Hilly and mountainous, dropping to a plateau in east, some plains, with Heha 2,670 m as the highest point of Burundi, while Lake Tanganyika 772 m as the lowest point, causing a mean elevation at 1,504 m throughout the country. With 27,830 sq km, Burundi has 25,680 sq km of land and 2,150 sq km water surface.

Major water bodies in the country: Lake Tanganyika (shared with Democratic Republic of Congo, Tanzania, and Zambia) – 32,000 sq km (a freshwater lake), no (saltwater lake) while the major rivers are: Nile (shared with Egypt, Sudan, South Sudan, Uganda, Rwanda, and Tanzania) – 6,650 km. The significant watersheds for Burundi are Atlantic Ocean drainage: Congo (3,730,881 sq km), (Mediterranean Sea) Nile (3,254,853 sq km).

Landlocked; straddles the crest of the Nile-Congo watershed; the Kagera, which drains into Lake Victoria, is the most remote headstream of the White Nile.

The climate in Burundi is as follows: Equatorial, high plateau with considerable altitude variation (772 m to 2,670 m above sea level), average annual temperature varies with altitude from 23 to 17 degrees celsius but is generally moderate as the average altitude is about 1,700 m, average annual rainfall is about 150 cm, two wet seasons (February to May and September to November), and two dry seasons (June to August and December to January).

When you visit Burundi, the natural hazards shall be considered: Flooding, landslides, drought.

The following major health-threatening issues shall be considered when visiting Burundi: degree of risk: very high (2020), bacterial and protozoal diarrhea, hepatitis A, typhoid fever, malaria, dengue fever, schistosomiasis, rabies.

Current environmental issues affecting the Burundian people: soil erosion due to overgrazing and the expansion of agriculture into marginal lands; deforestation (little forested land remains because of uncontrolled cutting of trees for fuel); habitat loss threatens wildlife populations.

Google maps Burundi

The capital and other divisions

Capital city: Gitega (political capital), Bujumbura (commercial capital) found under the coordinates 3 25 S, 29 55 E, applying the time zone UTC+2 (7 hours ahead of Washington, DC, during Standard Time), using the following daylight saving time: none.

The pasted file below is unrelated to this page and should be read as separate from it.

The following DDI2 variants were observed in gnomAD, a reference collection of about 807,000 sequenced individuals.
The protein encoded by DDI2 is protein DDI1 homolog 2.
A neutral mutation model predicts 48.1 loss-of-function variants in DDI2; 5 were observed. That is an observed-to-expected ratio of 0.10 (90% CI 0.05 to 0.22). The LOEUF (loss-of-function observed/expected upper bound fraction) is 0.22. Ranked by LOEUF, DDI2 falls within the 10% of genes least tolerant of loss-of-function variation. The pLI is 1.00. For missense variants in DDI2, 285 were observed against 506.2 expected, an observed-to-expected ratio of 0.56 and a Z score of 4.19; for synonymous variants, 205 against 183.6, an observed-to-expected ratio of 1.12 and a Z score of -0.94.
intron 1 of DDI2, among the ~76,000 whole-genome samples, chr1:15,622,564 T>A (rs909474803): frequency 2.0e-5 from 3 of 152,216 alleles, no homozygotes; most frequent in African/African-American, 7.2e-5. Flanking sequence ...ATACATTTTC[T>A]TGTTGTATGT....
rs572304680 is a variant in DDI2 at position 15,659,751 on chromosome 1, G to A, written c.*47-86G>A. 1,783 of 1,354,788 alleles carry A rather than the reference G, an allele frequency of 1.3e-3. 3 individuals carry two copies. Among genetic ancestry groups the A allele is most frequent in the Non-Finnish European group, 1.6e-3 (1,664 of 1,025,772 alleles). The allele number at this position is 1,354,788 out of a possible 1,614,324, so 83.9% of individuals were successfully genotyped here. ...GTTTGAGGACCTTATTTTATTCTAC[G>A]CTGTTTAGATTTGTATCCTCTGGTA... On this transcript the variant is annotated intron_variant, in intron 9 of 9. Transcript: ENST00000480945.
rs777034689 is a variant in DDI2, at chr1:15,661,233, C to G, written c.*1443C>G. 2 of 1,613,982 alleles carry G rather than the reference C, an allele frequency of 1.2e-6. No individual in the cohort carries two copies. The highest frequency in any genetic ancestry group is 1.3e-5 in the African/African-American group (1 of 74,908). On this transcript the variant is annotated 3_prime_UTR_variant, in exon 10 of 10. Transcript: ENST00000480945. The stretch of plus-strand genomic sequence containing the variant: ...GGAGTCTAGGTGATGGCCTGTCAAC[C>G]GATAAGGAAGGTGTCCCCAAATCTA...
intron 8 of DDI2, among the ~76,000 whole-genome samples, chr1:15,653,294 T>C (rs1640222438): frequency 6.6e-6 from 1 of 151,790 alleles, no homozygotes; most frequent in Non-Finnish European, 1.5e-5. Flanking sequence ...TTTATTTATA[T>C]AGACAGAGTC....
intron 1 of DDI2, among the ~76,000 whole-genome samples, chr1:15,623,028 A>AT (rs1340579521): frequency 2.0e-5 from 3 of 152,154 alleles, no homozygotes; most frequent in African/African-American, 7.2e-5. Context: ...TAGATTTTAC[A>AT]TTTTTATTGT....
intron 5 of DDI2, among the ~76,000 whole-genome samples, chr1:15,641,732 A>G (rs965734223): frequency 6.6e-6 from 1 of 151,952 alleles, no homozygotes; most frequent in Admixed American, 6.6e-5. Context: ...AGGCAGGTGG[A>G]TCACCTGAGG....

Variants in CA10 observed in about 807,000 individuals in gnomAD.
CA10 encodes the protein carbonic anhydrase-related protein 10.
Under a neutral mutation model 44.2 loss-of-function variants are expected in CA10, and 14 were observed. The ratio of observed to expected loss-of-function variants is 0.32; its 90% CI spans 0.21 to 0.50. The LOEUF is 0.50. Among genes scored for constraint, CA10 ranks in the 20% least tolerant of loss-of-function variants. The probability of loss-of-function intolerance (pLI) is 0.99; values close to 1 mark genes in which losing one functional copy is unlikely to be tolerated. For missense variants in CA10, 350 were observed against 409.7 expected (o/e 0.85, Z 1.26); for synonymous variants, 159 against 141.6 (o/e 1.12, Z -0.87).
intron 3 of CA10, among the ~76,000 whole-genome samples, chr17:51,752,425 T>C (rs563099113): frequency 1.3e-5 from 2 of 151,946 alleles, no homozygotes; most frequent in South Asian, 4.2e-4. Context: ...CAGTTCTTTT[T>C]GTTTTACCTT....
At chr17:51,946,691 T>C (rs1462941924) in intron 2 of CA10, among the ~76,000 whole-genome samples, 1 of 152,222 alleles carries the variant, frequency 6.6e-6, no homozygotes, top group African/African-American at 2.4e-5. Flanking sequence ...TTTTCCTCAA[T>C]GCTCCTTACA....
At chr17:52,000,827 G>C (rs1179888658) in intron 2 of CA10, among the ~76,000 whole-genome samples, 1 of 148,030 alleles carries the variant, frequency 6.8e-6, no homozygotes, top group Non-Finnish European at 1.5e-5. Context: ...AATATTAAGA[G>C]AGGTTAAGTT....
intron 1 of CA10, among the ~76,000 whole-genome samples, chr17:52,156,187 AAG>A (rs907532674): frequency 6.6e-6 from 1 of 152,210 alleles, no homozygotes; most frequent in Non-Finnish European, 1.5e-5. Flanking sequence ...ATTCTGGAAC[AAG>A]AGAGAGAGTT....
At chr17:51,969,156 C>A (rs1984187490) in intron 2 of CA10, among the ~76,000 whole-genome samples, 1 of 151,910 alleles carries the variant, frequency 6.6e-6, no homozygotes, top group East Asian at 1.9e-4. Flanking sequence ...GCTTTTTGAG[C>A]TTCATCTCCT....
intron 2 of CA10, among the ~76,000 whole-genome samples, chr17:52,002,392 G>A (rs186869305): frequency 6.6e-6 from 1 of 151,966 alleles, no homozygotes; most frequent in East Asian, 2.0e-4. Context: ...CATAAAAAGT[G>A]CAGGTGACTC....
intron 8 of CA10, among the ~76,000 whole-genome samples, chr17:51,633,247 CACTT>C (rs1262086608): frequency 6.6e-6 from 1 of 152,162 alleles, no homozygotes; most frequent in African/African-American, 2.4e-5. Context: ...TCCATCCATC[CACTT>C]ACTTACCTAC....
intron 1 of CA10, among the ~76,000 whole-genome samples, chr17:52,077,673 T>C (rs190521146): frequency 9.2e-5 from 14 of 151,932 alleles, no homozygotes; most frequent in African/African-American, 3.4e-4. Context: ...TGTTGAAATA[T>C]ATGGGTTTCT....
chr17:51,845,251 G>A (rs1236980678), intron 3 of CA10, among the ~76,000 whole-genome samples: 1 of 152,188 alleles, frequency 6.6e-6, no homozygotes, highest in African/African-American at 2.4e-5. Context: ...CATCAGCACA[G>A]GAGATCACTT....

Gitega is a city that people come to visit on the eastern shore of Lake Tanganyika in Burundi. It is a destination for tourists and locals who come here to escape the hustle and bustle and find peace and solitude.

Burundi became independent on 1 July 1962 (from UN trusteeship under Belgian administration), and its national holiday is Independence Day, 1 July (1962).

Administrative divisions: 18 provinces; Bubanza, Bujumbura Mairie, Bujumbura Rural, Bururi, Cankuzo, Cibitoke, Gitega, Karuzi, Kayanza, Kirundo, Makamba, Muramvya, Muyinga, Mwaro, Ngozi, Rumonge, Rutana, Ruyigi.

People and society

Burundi has been riven by ethnic conflict between the majority Hutu and the Tutsi, who controlled the army – with repeated large-scale massacres: hundreds of thousands of people died between 1993 and 2004. The constitution now guarantees an ethnic balance in the government and army. Twa Pygmies were not involved in the conflict.

The population in Burundi is 12,241,065 (July 2021 estimate). Note: estimates for this country explicitly take into account the effects of excess mortality due to AIDS; this can result in lower life expectancy, higher infant mortality, higher death rates, lower population growth rates, and changes in the distribution of the population by age and sex than would otherwise be expected, with an average of 3.68% (2021 estimate) change. That means Burundi is the No. 77 in the world’s populated rank list. With an average of 17.7 years median age (17.4 years for males and 17.4 years for women), Burundi ranks No. 217 on the globe’s median age rank list.

The people living in this country are the Burundian(s) (noun) or Burundian (adjective) and belong mainly to the following ethnic groups: Hutu, Tutsi, Twa (Pygmy).

They speak Kirundi only 29.7% (official language); French only .3% (official language); Swahili only .2%; English only .1% (official language); Kirundi and French 8.4%; Kirundi, French, and English 2.4%, other language combinations 2%, unspecified 56.9% (2008 estimate) languages and practice the following religions: Roman Catholic 62.1%, Protestant 23.9% (includes Adventist 2.3% and other Protestant 21.6%), Muslim 2.5%, other 3.6%, unspecified 7.9% (2008 estimate).

We can conclude the following about the population in Burundi: One of Africa’s most densely populated countries. Concentrations tend to be in the north and along the northern shore of Lake Tanganyika in the west. Most people live on farms near areas of fertile volcanic soil, as shown in this population distribution map. In Burundi, we are talking about 14.1% (2021) of the total population is living in cities, and most of them reside in the following municipalities: 1.075 million, Bujumbura (capital city) (2021).